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# Optimization of Nonrecursive Queries

R. Krishnamurthy, H. Boral, C. Zaniolo, MCC

Summary by Armando Fox and Steve Gribble

One-line summary: In executing a rooted join tree, sub-joins should be done in rank order (to the extent that the reordering respects the partial ordering inherent in the tree). Authors show how to compute join cost based on rank for such PPT's (pipelined processing query trees, i.e n-ary join bushy trees) and LPT (linear processing trees, i.e. left or right deep trees).

## Overview/Main Points

• Observation: it's more important for an optimizer to avoid the worst execution than to find the best one, since for many queries, pathological inputs or datasets could cause the worst case behavior to be orders of magnitude worse than the average case.
• Authors work with join trees: queries where the join graph is acyclic. For a given rooted join tree, each relation has a unique pareant and a well-defined join selectivity (see Selinger) with respect to the parent. (The selectivity of the root is defined to be 1.)
• For nested-loop and selective-access join, the cost function of join(R1,R2) is C=n1*g(n2), where n1,n2 are the number of tuples in R1 and R2 and g(n2) is the (join-method-specific) differential cost incurred per tuple of n1 (Sort-merge, which has cost function C=n1+n2+n1 log n1+n2 log n2, doesn't fit this model; we return to it later.)
• Processing (execution) tree types:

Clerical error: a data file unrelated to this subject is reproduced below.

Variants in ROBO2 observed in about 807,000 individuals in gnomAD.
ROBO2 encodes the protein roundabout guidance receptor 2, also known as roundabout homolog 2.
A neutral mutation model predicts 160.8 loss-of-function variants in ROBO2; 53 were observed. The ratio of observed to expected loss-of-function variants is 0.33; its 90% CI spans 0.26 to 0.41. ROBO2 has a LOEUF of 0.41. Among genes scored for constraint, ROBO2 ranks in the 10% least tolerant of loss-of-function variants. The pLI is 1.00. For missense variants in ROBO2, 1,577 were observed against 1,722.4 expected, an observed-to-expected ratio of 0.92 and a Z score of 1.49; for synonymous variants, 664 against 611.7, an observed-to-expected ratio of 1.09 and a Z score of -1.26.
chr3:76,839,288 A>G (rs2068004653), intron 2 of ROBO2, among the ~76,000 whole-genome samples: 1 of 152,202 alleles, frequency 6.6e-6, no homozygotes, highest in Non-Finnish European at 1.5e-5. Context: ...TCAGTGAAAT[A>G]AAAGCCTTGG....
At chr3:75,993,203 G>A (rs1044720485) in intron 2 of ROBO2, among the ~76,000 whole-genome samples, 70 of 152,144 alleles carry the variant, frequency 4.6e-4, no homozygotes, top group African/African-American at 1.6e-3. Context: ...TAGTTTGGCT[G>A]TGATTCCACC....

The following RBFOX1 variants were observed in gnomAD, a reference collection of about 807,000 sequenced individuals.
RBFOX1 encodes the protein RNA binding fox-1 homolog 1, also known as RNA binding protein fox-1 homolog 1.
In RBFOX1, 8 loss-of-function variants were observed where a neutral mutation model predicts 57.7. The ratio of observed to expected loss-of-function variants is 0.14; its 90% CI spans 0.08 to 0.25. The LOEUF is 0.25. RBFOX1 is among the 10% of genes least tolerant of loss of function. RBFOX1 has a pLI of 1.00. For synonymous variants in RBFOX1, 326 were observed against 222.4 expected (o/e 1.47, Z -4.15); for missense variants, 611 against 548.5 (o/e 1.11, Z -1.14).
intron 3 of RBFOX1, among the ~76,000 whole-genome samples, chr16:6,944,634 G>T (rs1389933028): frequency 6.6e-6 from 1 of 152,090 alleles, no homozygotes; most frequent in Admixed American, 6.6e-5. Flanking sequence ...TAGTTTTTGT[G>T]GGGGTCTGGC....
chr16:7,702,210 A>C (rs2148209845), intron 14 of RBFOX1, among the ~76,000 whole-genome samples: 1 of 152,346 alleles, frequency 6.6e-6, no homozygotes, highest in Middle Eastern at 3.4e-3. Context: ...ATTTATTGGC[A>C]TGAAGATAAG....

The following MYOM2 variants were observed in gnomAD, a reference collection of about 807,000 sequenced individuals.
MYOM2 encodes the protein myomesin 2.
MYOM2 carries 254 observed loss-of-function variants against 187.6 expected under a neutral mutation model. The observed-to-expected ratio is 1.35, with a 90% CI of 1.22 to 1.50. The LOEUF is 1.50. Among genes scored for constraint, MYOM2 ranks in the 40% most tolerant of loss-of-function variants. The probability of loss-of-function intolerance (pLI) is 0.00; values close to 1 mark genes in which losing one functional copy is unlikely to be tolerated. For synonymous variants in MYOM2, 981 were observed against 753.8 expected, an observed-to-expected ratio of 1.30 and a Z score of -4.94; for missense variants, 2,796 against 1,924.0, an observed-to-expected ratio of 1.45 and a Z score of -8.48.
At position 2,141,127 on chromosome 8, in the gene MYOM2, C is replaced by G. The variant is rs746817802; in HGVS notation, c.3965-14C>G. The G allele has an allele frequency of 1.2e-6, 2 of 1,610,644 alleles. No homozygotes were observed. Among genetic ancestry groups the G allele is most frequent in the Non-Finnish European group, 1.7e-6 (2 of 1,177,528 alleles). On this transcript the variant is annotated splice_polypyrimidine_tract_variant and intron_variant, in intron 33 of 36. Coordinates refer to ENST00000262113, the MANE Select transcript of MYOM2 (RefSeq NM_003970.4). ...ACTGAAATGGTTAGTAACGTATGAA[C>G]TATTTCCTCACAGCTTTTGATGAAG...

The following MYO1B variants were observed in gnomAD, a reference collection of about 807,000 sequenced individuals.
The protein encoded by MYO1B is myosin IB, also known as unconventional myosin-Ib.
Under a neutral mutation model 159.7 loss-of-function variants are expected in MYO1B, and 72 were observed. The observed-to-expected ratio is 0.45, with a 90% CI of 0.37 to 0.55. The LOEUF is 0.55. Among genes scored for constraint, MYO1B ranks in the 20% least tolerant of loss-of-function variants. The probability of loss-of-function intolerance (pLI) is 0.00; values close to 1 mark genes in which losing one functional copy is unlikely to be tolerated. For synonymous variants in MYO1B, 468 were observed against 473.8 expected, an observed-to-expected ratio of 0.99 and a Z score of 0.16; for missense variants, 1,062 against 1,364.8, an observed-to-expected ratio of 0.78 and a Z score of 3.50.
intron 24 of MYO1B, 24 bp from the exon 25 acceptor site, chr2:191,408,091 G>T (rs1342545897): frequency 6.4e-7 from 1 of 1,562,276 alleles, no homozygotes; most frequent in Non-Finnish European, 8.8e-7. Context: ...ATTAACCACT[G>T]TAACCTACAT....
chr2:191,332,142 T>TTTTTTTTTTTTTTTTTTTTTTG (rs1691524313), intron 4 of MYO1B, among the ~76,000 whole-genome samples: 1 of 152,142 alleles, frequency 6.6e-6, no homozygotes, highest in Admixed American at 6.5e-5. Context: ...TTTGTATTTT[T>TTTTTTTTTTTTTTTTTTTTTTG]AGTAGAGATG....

• LPT: linear processing tree; at most 1 temporary relation is used as input to any join. (I.e. a left- or right-deep tree, not a bushy one.)
• Binary LPT (BLPT): all joins are 2-way.
• PPT: pipelined processing tree; multiway joins are pipeline-executed left to right (nested loop n-ary join).
• Cost equations:
1. The cardinality n1,2 of joining R1 with R2m is Product(i=1...j) (si*ni)
2. The cost of a pipelined processing tree execution (PPT) is the sum of the costs of each pairwise join, that is, Sum(j=2...k) (nj-1,j*gj(nj).
3. The cost of a BLPT is the same as the above but incorporates additional cost of storing intermediate join results, i.e. replace the term gj(nj with (gj(nj) + Cnjsj).
4. Authors claim that the above equations (in 2. and 3.) have "the same structure". I disagree, since the additional dependence on sj in equation 3 is nonlinear.
• Strategy for tree queries: use the ASI (adjacent sequence interchange) property: for sequences A,B,U,V, the execution AUVB costs less than AVUB iff the rank(U)<rank(V). I.e. the order in which to do U and V can be decided irrespective of A and B.
• So: optimize a PPT by optimizing each subquery such that the optimization respects the tree's partial ordering. I.e. child joins must be done before their parents, but the order in which children are done may not matter; so order them by rank. In other words, convert each subtree to a chain using the rank function.
• Optimal sequence based on the "rank" cost function can be produced in O(N log N) time if N joins are to be sequenced.

## Flaws

• Assumption throughout is that database is entirely RAM-resident -- no disk costs. Assumption is later "relaxed" by claiming that disk I/O cost is subsumed into the g(n) component of the "generic cost equation". Given how much work has been done on minimizing I/O's and optimizing their execution, I find this bogus.
• The authors claim to present a formalism for optimizing nonrecursive queries. What they actually present is a bunch of equations (which I still don't believe really have the same structure), not at all the same thing. The framework they describe doesn't seem general enough to be called a formalism, and does not provide any new powers of reasoning about optimizing query trees, just cost models.
• The authors need to learn to organize ideas, to write good prose, and to typeset; or they need to delegate these duties to a capable human or program.

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